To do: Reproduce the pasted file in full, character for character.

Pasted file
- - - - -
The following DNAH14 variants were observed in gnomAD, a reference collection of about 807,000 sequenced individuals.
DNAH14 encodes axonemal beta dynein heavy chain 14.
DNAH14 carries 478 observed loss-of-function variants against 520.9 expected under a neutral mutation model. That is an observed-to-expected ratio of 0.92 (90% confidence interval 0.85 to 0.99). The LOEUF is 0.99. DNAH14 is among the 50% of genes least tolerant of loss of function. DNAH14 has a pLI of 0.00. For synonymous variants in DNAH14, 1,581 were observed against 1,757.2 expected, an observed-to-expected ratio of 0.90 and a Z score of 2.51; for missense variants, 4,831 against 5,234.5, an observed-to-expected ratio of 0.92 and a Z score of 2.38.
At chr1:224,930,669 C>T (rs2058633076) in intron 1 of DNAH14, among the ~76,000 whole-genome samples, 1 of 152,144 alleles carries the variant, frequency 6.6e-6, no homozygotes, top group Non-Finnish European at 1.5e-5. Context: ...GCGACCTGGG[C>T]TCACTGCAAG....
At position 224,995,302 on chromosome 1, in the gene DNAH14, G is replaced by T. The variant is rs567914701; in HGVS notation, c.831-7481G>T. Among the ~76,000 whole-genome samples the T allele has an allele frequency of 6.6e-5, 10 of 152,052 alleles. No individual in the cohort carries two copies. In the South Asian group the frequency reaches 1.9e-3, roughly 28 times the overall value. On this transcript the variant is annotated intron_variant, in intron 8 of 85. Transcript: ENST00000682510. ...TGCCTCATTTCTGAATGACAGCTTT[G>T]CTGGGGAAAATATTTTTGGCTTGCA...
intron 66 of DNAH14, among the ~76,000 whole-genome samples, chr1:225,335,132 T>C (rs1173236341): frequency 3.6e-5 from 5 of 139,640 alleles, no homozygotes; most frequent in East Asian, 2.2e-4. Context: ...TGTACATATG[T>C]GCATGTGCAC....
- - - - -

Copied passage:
The following DNAH14 variants were observed in gnomAD, a reference collection of about 807,000 sequenced individuals.
DNAH14 encodes axonemal beta dynein heavy chain 14.
DNAH14 carries 478 observed loss-of-function variants against 520.9 expected under a neutral mutation model. That is an observed-to-expected ratio of 0.92 (90% confidence interval 0.85 to 0.99). The LOEUF is 0.99. DNAH14 is among the 50% of genes least tolerant of loss of function. DNAH14 has a pLI of 0.00. For synonymous variants in DNAH14, 1,581 were observed against 1,757.2 expected, an observed-to-expected ratio of 0.90 and a Z score of 2.51; for missense variants, 4,831 against 5,234.5, an observed-to-expected ratio of 0.92 and a Z score of 2.38.
At chr1:224,930,669 C>T (rs2058633076) in intron 1 of DNAH14, among the ~76,000 whole-genome samples, 1 of 152,144 alleles carries the variant, frequency 6.6e-6, no homozygotes, top group Non-Finnish European at 1.5e-5. Context: ...GCGACCTGGG[C>T]TCACTGCAAG....
At position 224,995,302 on chromosome 1, in the gene DNAH14, G is replaced by T. The variant is rs567914701; in HGVS notation, c.831-7481G>T. Among the ~76,000 whole-genome samples the T allele has an allele frequency of 6.6e-5, 10 of 152,052 alleles. No individual in the cohort carries two copies. In the South Asian group the frequency reaches 1.9e-3, roughly 28 times the overall value. On this transcript the variant is annotated intron_variant, in intron 8 of 85. Transcript: ENST00000682510. ...TGCCTCATTTCTGAATGACAGCTTT[G>T]CTGGGGAAAATATTTTTGGCTTGCA...
intron 66 of DNAH14, among the ~76,000 whole-genome samples, chr1:225,335,132 T>C (rs1173236341): frequency 3.6e-5 from 5 of 139,640 alleles, no homozygotes; most frequent in East Asian, 2.2e-4. Context: ...TGTACATATG[T>C]GCATGTGCAC....